The sanctions, NATO enlargement, weapons supply … none of these seem like they were at all planned. It’s shocking. You would think that all of the details would be taken care of behind closed doors so that announcements like “Sweden and Finland to join NATO” wouldn’t be immediately met with Turkey saying “Now wait a minute …” Or remember the Polish MiGs to Ukraine when the US said, “we’re sending MiGs!” and Poland said, “We’re not sending MiGs” and then the US said, “We should send Polish MiGs!” and the Poles responded, “We’ll send the MiGs to Germany and you deal with them, also, give us F-16s to replace them”. And then the whole matter was quietly dropped.

        These are not serious people.

        1. Henry Moon Pie

          Agree strongly. All this is improvisational and driven by a “double down” mentality. Those who find WEF masterminds planning all this years in advance are giving these a-holes too much credit. Not that they wouldn’t like to have that level of control. They’re just not capable. No one is.

          1. NotTimothyGeithner

            Back in November before Ukraine started getting heated, Blinken went to Africa to start forming an anti-China bloc. He keep back and his statement on his trip amounted to these countries now expect stuff in exchange for doing what we tell them.

            It’s been said ad nauseum, but it never stopped being 1995 for these people.

            Then of course, especially in the US, the “free traders” moved the US’s major strength off shore (industry) and effectively strengthened all the countries they now can’t simply dictate terms. We cut Russia off from the same 3 Marvel movies we make every year.

        2. digi_owl

          That said, Sweden has been practicing alongside NATO for some years now.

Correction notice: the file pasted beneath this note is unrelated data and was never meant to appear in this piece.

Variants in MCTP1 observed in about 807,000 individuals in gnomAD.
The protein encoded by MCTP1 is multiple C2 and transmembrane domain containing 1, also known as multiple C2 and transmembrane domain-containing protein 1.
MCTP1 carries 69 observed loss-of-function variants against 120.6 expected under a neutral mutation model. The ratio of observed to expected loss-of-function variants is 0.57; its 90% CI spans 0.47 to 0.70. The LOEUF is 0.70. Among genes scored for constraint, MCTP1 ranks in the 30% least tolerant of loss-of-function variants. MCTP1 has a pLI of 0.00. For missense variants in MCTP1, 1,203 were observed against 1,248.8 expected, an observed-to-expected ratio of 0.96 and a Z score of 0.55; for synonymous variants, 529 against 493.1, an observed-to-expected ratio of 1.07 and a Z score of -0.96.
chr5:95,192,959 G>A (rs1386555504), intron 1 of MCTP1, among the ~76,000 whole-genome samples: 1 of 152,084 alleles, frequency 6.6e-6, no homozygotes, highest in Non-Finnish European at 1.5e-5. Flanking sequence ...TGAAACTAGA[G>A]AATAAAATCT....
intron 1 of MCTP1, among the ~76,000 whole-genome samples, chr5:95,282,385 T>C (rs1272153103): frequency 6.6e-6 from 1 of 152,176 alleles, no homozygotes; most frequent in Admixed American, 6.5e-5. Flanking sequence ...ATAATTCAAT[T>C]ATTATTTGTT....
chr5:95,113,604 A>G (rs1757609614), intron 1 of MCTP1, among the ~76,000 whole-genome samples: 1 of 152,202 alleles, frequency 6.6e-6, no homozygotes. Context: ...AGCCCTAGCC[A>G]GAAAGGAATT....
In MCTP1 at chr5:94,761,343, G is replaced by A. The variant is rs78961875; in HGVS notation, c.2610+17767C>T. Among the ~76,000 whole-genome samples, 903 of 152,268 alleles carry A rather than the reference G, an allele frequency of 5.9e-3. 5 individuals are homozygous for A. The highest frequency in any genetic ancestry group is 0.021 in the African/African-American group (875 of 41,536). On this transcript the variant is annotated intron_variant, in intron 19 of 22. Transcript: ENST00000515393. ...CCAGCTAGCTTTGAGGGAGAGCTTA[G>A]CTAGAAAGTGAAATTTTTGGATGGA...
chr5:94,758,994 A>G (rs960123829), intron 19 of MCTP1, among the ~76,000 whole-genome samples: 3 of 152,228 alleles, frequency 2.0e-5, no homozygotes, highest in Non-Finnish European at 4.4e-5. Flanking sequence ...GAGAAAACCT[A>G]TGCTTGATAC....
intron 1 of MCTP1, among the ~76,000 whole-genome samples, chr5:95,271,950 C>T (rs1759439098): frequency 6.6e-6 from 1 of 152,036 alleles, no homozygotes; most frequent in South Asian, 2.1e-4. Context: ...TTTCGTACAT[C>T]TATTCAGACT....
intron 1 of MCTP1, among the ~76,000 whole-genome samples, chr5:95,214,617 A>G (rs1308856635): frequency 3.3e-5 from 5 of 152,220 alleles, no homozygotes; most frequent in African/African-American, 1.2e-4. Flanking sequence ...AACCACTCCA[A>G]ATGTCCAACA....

I recall reading in the last year or so that they even let a B-2 pass through their airspace, flanked by a formation of Gripens no less.

          Ugh, now i remind myself that opening up Swedish and Finnish airspace for “NATO” will allow US bombers to massage the Russian border from St. Petersburg to Murmansk. Do wonder how many feathers that will ruffle.

        3. jonboinAR

          We seem to lack statesmen, certainly. Putin appears to have some of the stuff in his deliberate mode of acting, not enough to save him from his initial dreadful error, although severely provoked. Is there no one on our side who might step up before things get unthinkably horrible?

      3. Polar Socialist

        I think the collective leadership has been navel-gazing for decades and is completely unable to contemplate that there are other actors with their own agendas.

        Just like less than 20% of the globe counts as “The World”. Nobody else can have any agenda, resources or means than the Washington-Brussels axle. It’s inconceivable!

      4. Colonel Smithers

        Thank you, PK.

        I was wondering about the application from Ireland and how it had gone quiet.

        With regard to your question, the likes of Carl Bildt have been pushing this for years and not thought about it, so caught up in the moment and with the opportunities are they. Having Scandinavians at the helm of NATO makes the task easier.

      5. David